Organising your home life ready for the future
Getting your home life organised now can ensure that your loved ones will be able to quickly and easily access information when they need it.
With such busy home lives, lots of accounts and services and vast amounts of detail that make up our home life – it can be difficult to know where to start.
Here are some areas of home life that you should consider and get organised ready for the future.
What type of property do you have?
Whatever your circumstances, you should plan ahead to make sure you have considered what the future would like like – if you are no longer here. Each circumstance will differ. You need to think about having formal arrangements in place and let others know what important information is available – and where it can be found.
Creating a Sunset Plan using our secure services can help you organise all of these details and documentation in one place.
If your family would continue living in the property after your death, you need to make clear arrangements to ensure this transition is as smooth as possible. Ensure your mortgage details and property/title deeds are somewhere your loved ones can access them.
If there are contentious or complicated circumstances, speak to a Legal Professional to ensure that any issues are ironed out and preparations are made for the future. Think about details that other people may not be aware of. Is the property freehold or leasehold? Is there a management charge payable? Are there informal access arrangements with neighbours that are not documented? Getting this detail recorded ahead of time can be a huge future help.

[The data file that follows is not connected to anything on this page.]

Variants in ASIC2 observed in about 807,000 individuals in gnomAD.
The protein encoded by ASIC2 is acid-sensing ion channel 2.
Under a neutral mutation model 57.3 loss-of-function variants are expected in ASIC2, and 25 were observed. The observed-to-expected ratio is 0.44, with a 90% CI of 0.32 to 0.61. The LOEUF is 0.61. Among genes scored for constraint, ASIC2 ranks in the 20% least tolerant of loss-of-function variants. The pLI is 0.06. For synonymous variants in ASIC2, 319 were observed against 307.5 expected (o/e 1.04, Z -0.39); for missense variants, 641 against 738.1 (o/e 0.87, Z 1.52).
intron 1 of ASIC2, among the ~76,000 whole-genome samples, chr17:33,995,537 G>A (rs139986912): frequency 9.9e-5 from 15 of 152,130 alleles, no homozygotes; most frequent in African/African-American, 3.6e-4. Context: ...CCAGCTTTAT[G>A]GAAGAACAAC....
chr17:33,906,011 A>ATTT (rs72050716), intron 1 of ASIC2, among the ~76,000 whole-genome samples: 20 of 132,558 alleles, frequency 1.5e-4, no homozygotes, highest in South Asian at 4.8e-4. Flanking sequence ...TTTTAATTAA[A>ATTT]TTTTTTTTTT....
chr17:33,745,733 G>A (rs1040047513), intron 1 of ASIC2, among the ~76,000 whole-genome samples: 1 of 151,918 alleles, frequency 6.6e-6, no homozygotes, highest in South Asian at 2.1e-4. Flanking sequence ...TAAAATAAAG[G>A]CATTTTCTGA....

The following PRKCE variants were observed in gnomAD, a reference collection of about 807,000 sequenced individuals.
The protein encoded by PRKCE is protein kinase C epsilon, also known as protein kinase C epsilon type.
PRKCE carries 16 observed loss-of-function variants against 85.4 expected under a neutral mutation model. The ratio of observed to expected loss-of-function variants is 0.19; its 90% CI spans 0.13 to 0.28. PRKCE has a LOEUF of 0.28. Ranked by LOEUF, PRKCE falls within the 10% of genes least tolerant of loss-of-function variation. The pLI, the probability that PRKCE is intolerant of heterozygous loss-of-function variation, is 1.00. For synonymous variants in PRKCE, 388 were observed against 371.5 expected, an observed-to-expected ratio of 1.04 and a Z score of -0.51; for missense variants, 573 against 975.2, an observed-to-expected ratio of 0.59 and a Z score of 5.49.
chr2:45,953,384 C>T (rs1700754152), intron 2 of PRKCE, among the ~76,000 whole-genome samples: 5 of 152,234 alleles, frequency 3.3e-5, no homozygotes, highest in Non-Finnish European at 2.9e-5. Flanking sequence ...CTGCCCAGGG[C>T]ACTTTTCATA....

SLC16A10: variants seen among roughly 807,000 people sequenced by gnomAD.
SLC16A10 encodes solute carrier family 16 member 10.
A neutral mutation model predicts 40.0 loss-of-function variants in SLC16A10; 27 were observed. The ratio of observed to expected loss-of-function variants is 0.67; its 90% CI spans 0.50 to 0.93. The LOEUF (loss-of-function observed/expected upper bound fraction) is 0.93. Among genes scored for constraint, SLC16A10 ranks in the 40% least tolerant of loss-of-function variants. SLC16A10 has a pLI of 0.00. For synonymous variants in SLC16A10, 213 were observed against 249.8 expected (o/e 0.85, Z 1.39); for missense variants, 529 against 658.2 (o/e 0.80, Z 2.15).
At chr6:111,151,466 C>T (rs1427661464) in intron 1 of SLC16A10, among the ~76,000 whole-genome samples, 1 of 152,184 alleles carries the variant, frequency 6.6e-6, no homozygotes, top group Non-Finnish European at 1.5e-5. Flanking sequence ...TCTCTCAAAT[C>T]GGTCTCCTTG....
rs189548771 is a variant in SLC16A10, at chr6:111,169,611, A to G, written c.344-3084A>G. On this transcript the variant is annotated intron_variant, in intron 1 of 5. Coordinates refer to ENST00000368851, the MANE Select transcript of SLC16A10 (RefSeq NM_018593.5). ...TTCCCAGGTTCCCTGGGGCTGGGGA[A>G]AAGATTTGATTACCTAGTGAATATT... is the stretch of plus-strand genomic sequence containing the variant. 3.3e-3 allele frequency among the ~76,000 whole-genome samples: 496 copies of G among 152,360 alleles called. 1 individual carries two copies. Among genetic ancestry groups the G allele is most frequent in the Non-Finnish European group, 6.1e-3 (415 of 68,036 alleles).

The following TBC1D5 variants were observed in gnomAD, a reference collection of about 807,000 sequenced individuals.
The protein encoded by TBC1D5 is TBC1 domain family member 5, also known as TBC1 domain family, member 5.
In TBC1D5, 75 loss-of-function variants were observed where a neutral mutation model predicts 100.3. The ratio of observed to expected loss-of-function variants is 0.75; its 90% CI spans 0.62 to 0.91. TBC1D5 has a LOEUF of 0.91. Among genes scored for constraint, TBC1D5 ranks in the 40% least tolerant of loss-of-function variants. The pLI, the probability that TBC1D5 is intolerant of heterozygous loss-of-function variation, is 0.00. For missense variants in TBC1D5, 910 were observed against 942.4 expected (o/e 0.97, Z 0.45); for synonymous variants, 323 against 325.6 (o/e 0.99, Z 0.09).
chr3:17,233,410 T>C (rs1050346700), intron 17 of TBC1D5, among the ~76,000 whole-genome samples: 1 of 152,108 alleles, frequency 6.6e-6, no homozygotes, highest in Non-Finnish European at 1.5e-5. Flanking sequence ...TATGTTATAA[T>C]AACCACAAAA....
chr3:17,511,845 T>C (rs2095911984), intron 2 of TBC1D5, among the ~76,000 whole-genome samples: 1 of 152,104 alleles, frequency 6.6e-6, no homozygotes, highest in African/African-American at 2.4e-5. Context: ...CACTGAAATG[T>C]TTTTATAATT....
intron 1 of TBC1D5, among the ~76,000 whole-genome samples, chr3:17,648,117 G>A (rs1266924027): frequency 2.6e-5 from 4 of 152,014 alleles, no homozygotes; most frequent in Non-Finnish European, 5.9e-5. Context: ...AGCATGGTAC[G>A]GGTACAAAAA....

The property may need to be transferred in to a sole name or transferred to a surviving spouse. A Solicitor and the Mortgage Provider can help, but they will need the relevant paperwork before they can assist.
If the property needs to be sold, contact the Mortgage Provider as soon as possible to let them know of your bereavement. Ask to speak to the Bereavement Team for specialist, compassionate advice. Discuss with them the options available, the process involved and any current financial obligations such as an outstanding mortgage and payments that may need to continue to be made whilst the property is being sold.
If the deceased lived in a rented property, you will need to notify the Landlord of the death as soon as possible. If someone will be continuing to live at the property, discuss your options regarding transfer of the occupancy agreement in to a sole or other name(s), if permitted.